Dear OncoLink "Ask The Experts,"
I'm a 57-year-old female. I was treated for breast cancer 9 years ago. For the past 9-12 months I've had a change in bowel habits in the form of narrow stool. (No other symptoms.)
Six months ago my internist ordered a barium enema w/contrast--which came back clear. Narrow stools continue. Am I just a worrier, or would you recommend further tests?
Timothy C. Hoops, MD, Clinical Assistant Professor of Medicine in the Gastroenterology Division at the University of Pennsylvania and Director of Gastroenterology at Penn Medicine at Radnor, responds:
A change in stool caliber generally implies some change in stool characteristics that allow it to be narrower. Usually this is because the stools are softer. They can be molded by a tumor that narrows the diameter of the stool or be due to a colonic or anal motility problem. When this occurs, one wants to rule out a colon cancer. The barium enema should be a good exam to do this. However, it may have difficulty evaluating the distal colon and rectum and when a BE is done, it is usually accompanied by a flexible sigmoidoscopy. Alternatively a colonoscopy could also be done. In any case, the lower rectum needs to be cleared by directly visualizing it.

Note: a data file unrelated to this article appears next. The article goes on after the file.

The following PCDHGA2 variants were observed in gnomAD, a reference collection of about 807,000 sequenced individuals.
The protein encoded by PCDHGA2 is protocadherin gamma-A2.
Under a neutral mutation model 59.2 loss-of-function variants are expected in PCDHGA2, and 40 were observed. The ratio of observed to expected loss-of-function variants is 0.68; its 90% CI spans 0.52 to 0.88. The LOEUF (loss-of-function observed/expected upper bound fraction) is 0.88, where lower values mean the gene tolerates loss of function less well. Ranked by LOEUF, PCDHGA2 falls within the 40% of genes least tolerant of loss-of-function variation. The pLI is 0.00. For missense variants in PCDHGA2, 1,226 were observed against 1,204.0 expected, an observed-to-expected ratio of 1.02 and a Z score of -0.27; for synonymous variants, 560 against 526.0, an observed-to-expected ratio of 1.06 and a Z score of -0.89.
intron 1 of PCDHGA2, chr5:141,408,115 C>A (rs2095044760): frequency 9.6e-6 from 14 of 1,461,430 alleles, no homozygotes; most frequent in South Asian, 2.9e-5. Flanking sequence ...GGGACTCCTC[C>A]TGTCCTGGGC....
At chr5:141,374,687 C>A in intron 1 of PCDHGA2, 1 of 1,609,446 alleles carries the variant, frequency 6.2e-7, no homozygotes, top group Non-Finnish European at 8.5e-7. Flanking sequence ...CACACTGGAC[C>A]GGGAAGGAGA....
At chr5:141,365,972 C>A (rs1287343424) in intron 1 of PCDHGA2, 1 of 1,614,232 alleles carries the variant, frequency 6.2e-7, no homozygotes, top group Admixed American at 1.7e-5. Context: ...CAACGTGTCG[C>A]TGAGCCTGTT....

I hope this answers your question. While you didn't ask this directly, I would mention that, while breast cancer might spread to the abdomen, I would have expected to see it on the barium enema if it were causing any symptoms. Additionally, there is also some controversy as to whether a personal history of breast cancer increases one's risk for colon cancer. If it does, it is only by a very small amount and does not put someone at high risk for colon cancer. I don't perform greater surveillance testing in these patients.
Apr 24, 2014 - Stool DNA testing may be a simple, noninvasive way to detect cancers throughout the digestive tract, according to research presented this week at the annual Digestive Disease Week conference, held from May 30 to June 4 in Chicago.